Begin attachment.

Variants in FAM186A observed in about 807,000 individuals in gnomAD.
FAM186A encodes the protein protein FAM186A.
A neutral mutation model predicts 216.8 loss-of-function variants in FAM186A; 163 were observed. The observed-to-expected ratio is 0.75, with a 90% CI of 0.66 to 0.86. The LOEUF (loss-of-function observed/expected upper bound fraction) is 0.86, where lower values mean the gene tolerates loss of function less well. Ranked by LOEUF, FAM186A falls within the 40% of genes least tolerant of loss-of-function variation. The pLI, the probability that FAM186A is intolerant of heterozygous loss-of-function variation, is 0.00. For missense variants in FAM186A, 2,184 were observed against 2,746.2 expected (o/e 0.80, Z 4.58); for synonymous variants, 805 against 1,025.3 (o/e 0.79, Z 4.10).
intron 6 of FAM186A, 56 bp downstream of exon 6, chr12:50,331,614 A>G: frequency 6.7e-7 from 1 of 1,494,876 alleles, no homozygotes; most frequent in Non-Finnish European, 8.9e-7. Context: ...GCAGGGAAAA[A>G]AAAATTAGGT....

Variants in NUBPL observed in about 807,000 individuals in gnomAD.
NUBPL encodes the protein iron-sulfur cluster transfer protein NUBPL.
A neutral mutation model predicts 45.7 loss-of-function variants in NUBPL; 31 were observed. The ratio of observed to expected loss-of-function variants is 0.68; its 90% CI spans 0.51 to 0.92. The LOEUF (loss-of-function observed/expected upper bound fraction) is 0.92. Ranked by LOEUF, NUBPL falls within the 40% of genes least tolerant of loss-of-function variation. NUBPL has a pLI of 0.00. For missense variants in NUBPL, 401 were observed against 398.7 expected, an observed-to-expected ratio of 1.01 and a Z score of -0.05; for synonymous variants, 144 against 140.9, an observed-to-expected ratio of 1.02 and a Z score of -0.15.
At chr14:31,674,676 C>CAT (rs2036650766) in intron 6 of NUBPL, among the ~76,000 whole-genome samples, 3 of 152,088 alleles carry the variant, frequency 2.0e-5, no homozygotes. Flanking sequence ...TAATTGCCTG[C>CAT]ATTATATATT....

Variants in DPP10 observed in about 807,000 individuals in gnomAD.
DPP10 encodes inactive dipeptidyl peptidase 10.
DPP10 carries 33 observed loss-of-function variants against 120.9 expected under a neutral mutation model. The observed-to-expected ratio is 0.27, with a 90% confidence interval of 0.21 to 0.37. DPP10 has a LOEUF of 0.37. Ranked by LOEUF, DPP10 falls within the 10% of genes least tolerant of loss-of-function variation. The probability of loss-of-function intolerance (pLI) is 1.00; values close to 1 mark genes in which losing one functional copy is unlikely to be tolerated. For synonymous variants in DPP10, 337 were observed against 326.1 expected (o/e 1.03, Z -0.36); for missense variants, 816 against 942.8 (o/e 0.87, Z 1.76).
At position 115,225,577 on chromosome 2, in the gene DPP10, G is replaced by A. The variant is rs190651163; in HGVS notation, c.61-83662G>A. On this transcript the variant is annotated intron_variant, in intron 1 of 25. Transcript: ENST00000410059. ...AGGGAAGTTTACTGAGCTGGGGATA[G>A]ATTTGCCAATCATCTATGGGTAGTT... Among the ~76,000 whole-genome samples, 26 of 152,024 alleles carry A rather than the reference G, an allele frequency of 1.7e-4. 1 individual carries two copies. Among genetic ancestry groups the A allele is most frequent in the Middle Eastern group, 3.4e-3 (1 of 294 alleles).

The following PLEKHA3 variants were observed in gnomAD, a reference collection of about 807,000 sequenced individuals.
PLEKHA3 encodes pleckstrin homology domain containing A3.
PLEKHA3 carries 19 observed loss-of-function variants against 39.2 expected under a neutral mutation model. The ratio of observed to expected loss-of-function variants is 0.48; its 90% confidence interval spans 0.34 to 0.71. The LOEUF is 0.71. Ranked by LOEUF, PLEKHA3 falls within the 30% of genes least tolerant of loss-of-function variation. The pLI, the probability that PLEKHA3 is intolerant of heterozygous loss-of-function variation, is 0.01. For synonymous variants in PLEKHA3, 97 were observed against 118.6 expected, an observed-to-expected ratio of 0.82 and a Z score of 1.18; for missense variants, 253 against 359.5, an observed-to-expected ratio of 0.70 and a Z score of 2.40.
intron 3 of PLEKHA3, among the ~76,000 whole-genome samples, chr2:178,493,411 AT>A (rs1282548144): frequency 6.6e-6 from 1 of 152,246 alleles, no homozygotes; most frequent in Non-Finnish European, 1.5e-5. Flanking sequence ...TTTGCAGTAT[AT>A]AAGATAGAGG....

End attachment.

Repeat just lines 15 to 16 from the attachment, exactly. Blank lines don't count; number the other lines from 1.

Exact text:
PLEKHA3 carries 19 observed loss-of-function variants against 39.2 expected under a neutral mutation model. The ratio of observed to expected loss-of-function variants is 0.48; its 90% confidence interval spans 0.34 to 0.71. The LOEUF is 0.71. Ranked by LOEUF, PLEKHA3 falls within the 30% of genes least tolerant of loss-of-function variation. The pLI, the probability that PLEKHA3 is intolerant of heterozygous loss-of-function variation, is 0.01. For synonymous variants in PLEKHA3, 97 were observed against 118.6 expected, an observed-to-expected ratio of 0.82 and a Z score of 1.18; for missense variants, 253 against 359.5, an observed-to-expected ratio of 0.70 and a Z score of 2.40.
intron 3 of PLEKHA3, among the ~76,000 whole-genome samples, chr2:178,493,411 AT>A (rs1282548144): frequency 6.6e-6 from 1 of 152,246 alleles, no homozygotes; most frequent in Non-Finnish European, 1.5e-5. Flanking sequence ...TTTGCAGTAT[AT>A]AAGATAGAGG....